In the first half of Oprah Winfrey’s interview with Lance Armstrong she asks if he ever felt his doping was wrong, he answers no. He realizes that is scary.
Asked if felt bad about his doping. He says no. “Even scarier.”
Asked, “Did you feel in any way that you were cheating?” He says, no, then adds: “Even scarier.” He saw drugs just the same as, “air in our tires, and water in our bottles.”
There are more than a few flashes of self-awareness, that he’s always been a bully. (No, duh.) That his response to any threat, especially in an athletic realm, had been to put up his fists. He talked about growing up with his single mother, who had him young, always feeling like their backs were against the wall.
He’s supposedly being honest now, but because he has to. The truth has already been told by others. Many of whom have also been hugely damaged, criticized, sued, and personally attacked because by him.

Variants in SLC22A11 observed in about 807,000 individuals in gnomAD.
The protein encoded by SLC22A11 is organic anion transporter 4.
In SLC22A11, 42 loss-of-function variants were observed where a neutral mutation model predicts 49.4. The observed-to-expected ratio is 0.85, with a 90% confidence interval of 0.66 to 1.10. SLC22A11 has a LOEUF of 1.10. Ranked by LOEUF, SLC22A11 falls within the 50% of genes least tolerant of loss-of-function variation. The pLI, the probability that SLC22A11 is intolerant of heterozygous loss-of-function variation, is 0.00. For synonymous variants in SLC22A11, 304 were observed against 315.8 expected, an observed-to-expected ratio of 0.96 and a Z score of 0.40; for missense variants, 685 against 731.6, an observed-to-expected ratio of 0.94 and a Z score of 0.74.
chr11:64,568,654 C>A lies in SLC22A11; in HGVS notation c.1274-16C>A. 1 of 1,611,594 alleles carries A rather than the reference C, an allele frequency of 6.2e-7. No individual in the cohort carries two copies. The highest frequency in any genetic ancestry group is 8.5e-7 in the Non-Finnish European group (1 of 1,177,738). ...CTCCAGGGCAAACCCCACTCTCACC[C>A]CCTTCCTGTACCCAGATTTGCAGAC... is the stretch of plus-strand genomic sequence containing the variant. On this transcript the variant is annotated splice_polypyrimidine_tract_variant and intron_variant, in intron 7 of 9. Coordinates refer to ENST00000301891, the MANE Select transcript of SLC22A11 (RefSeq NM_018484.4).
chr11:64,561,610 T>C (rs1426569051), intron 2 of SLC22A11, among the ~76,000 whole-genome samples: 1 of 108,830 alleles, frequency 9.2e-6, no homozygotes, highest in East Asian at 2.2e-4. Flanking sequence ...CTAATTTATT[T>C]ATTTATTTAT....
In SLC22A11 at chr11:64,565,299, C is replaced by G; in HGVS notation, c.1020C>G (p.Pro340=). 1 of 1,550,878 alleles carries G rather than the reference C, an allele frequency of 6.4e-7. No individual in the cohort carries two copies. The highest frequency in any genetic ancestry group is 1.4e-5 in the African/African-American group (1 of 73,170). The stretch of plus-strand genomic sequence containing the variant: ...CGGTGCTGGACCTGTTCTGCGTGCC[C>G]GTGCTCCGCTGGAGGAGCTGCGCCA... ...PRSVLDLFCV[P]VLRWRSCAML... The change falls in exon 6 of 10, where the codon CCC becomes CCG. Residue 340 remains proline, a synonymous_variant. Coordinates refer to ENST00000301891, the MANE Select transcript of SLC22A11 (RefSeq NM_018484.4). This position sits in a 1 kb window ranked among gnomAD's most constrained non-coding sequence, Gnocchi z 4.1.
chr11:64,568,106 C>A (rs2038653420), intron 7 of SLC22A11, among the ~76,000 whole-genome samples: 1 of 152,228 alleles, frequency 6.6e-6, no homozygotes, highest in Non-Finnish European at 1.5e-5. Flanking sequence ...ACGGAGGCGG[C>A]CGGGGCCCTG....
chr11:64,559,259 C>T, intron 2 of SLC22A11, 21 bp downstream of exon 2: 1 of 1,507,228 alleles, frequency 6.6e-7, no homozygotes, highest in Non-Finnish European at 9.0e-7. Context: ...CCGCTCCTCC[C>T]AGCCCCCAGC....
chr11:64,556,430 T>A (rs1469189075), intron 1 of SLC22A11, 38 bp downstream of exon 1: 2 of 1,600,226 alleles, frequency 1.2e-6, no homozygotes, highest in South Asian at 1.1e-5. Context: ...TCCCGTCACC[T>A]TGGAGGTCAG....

Oprah asks him at one point if he sued someone over an accurate allegation. He can’t remember. “We sued so many people.”
It is compelling watching….he swallows hard a couple times, but his eyes are a Sahara. His voice is steely firm. He wishes he’d never staged his comeback because that focused more attention on him. The “last time I crossed the line, that line”—of performance enhancing drugs—“was 2005.” He’d have happily gotten away, more or less scot free, “there would have been allegations,” but that’s all– if not for the comeback.
Drug testing became more sophisticated over the years and a report in 2009 of his “blood passport”, a way to monitor what someone’s blood “should” look like microscopically, said that Armstrong’s blood was consistent with doping…with a tolerance to a million to one. That made him just furious because he wasn’t doping then.
But of course when someone is a liar, you don’t believe him when he finally decides to tell the truth.